Please use this identifier to cite or link to this item: https://hdl.handle.net/2440/85492
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Type: Journal article
Title: Parameter identification in pipeline networks: transient-based expectation-maximization approach for systems containing unknown boundary conditions
Author: Zecchin, A.
Lambert, M.
Simpson, A.
White, L.
Citation: Journal of Hydraulic Engineering, 2014; 140(6):04014020-1-04014020-12
Publisher: ASCE - American Society Civil Engineers
Issue Date: 2014
ISSN: 0733-9429
1943-7900
Abstract: The simulation of hydraulic transients within fluid line networks is important for many applications (for example, water hammer analysis within distribution networks). However, in many instances, modeling efforts are impeded by the fact that the pipeline parameters are either unknown or can vary significantly from their assumed design values. Consequently, research efforts have focused on the development of parameter identification techniques, mapping from measured transient data to pipeline parameter estimates. A limitation of previous works has been the need for systems to have all boundary conditions either measured or known (e.g., transient pressure measurements or reservoir boundary conditions). This paper aims to relax this requirement and presents a parameter identification method for fluid line networks based on transient-state measurements of the hydraulic state variables of pressure and flow, in the presence of unmeasured and unknown boundary conditions. Utilizing a Laplace-domain admittance matrix representation of the system, the contribution to the hydraulic system dynamics from the measured and unmeasured state variables (i.e., boundary conditions) is made explicit. This model is then used as the basis for the development of a parameter estimation methodology based on the expectation-maximization (EM) algorithm. The importance of the EM approach is that it provides a framework for parameter estimation in the presence of unmeasured state variables by effectively integrating out the influence of the unmeasured variables. Numerical examples demonstrate the utility of this method for a network with a range of pipeline models.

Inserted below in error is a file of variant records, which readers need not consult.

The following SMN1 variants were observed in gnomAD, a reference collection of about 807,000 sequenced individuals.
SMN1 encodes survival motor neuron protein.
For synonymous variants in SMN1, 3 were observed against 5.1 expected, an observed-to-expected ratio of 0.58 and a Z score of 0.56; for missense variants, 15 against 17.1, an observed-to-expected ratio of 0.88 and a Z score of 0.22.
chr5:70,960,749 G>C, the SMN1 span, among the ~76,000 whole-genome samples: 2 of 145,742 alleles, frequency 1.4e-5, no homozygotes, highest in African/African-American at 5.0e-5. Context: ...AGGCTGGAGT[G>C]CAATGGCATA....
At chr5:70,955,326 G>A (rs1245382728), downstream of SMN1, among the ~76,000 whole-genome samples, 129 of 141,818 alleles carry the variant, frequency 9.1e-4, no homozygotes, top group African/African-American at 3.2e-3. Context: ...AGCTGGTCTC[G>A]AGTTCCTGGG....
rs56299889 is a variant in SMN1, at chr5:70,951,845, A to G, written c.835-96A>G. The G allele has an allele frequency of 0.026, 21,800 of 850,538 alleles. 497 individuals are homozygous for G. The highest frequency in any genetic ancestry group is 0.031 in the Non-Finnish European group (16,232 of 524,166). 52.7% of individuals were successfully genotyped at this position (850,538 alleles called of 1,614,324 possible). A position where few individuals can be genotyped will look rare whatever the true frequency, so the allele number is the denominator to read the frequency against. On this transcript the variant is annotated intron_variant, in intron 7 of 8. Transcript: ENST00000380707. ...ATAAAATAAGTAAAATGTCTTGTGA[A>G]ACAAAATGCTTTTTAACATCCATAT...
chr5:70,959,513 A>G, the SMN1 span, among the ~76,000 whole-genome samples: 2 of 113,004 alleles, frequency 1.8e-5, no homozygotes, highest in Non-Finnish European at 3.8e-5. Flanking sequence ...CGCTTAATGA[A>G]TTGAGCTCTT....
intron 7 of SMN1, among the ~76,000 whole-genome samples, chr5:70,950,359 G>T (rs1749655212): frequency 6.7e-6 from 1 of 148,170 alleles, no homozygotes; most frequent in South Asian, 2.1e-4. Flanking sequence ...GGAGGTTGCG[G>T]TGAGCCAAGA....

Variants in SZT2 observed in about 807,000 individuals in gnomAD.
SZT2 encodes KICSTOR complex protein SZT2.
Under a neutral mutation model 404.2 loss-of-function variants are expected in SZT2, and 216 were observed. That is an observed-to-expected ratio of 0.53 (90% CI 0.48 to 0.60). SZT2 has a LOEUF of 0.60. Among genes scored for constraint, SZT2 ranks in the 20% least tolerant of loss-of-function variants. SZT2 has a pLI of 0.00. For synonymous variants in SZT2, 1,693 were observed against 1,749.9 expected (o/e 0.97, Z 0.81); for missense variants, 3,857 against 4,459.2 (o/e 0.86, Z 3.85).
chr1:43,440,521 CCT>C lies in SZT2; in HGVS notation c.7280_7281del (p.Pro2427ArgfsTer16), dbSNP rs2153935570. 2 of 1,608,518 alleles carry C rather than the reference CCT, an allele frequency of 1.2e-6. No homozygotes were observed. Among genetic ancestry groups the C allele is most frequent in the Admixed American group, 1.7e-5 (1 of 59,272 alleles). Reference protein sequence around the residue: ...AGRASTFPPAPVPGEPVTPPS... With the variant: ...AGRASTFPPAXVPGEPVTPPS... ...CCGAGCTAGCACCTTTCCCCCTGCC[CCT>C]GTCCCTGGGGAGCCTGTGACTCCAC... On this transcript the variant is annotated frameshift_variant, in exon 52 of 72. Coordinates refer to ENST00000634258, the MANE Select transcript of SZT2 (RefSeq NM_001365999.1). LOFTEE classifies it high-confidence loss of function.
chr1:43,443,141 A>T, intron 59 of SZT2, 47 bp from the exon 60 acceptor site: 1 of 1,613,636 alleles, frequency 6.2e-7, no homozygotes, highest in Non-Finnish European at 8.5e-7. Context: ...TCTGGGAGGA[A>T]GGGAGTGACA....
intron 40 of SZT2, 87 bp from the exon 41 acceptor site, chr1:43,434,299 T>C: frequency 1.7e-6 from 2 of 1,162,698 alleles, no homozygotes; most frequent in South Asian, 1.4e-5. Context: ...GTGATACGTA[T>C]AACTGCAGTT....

Keywords: Fluid transients; Pipeline networks; Parameter estimation; Expectation-maximization.
Rights: © ASCE
DOI: 10.1061/(ASCE)HY.1943-7900.0000849
Grant ID: ARC
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Civil and Environmental Engineering publications

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